01 Devil in a Bottle – This first track is a catchy, funny folk tune about the struggle with the bottle, which features hot mandolin solos throughout by Birmingham newgrass hero Jason Baily. Pretty simple and straightforward, but totally addictive like that devil in the bottle itself. The hand claps at the end give it an epic quality.
02 I Remember – Here George takes a song that could be a poetic and pretty but not especially noteworthy ballad and twists it into pieces by having Davey Williams and Marshall Allen flit around the melody like insane dragonflies. The slightly-off stereo vocals add to the haunting and disturbed sense of nostaligia that the lyrics invoke.
03 Oh Megan – This jaunty country-ish tune cuts a middle path between the first two tracks. It would sound like something straight off of Workingman’s Dead if it weren’t for some freaky deaky guitar work from Davey Williams and Scott Grant.
04 The Weasle of Bad Axe Magee – The musicians credited on this track are the group “The Bad Axe Magees.” It’s clearly an improv piece, George (and his two songs Edward and Franklin) messing around in the studio. But it’s interesting to see the curious angles he takes when performing off the cuff. Beefheart fans won’t flinch.
05 If You Were an Elephant – A waltz with Davey Williams playing slide guitar. The first line “If you were an elephant, I’d love you a ton” gives you the general idea. The lyrics are silly but clever, a love song that declares that his love would not fade even if you were a monkey, a skunk, or a pop song. The shock surprise ending is heart warming.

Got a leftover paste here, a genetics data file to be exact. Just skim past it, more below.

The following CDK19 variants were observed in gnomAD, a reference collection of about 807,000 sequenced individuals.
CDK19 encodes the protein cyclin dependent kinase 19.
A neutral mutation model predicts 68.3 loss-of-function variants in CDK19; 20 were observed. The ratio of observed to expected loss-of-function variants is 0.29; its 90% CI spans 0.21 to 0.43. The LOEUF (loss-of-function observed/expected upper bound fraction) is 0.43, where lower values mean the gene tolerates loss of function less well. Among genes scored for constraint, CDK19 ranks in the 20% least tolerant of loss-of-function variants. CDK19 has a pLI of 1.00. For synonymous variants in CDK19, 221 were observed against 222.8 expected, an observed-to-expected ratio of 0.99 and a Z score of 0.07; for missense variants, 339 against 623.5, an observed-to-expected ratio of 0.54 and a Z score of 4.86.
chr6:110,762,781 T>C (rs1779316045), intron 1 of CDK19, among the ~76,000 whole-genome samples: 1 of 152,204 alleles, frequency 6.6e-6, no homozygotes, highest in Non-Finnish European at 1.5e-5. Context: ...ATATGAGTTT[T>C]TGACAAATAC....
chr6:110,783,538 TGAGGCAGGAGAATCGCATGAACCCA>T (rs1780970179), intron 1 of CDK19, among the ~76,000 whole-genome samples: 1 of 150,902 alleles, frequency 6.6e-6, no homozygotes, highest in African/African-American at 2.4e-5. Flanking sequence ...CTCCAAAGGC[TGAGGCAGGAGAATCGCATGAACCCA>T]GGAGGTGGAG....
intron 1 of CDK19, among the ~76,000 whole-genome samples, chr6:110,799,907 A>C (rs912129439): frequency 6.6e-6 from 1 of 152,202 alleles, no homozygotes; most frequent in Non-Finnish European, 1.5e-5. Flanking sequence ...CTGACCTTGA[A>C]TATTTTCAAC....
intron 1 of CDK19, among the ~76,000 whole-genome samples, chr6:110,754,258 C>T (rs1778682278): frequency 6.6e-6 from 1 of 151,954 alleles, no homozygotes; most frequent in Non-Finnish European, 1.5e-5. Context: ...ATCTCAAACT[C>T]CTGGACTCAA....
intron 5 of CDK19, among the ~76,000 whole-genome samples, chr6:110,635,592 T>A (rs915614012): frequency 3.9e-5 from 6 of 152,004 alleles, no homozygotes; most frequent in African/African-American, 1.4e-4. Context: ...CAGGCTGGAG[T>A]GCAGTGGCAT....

06 The Train – A deceptively straightforward song about a train in trouble. It’s not a standout track, but it’s catchy, and I’m a sucker for a train song.
07 Nothing Good – A surprisingly funky, soulful slow tune featuring Davey Williams, Oteil Burbridge, Marshall Allen, and Matt Slocum. The lineup would be enough to make this my favorite. To call out the clever wordplay of the lyrics seems almost redundant–all of George’s songs have that, but this song is George doing what George does at his best as a lyricist. Since I happen to have heard some of the original tracks, I also know Tym pulled off a near miracle in mixing this one.
08 Marty’s Two-Step – A twangy, dance-able ode to one of Birmingham’s most revered after hours hangouts. The song itself is reminiscent of George’s old band Partial to Mable, a band that was a staple at Marty’s in the late 1990s and early 2000s. The arrangement sounds so much like a Grateful Dead song that the reference to “Hey Another Saturday Night” floats by almost unnoticed.
09 Some Kind of Pelican – Another studio improv. Cute, but about twice as long as it needs to be. George’s characteristic giggle at the end says it all.
10 Can You Tell Me – Much like “Oh Megan,” this could be a Dead song, if it weren’t for Davey’s guitar. More Grateful Dead references in the lyrics. It is a nice tune though with lovely solos by Jason Bailey and Matt Slocum. It has an easy loping pace. Makes me want a margarita.
11 The Road to Laredo – Totally oddball. Totally George. “I was on the road to Laredo / looking for a baked potato / when I saw a real tomato.”
2 thoughts on “More Songs About Trains and Food”
This is a really strong album…thanks for reviewing it. RH
Love the review. Fantastic work that deserves buckets of listeners.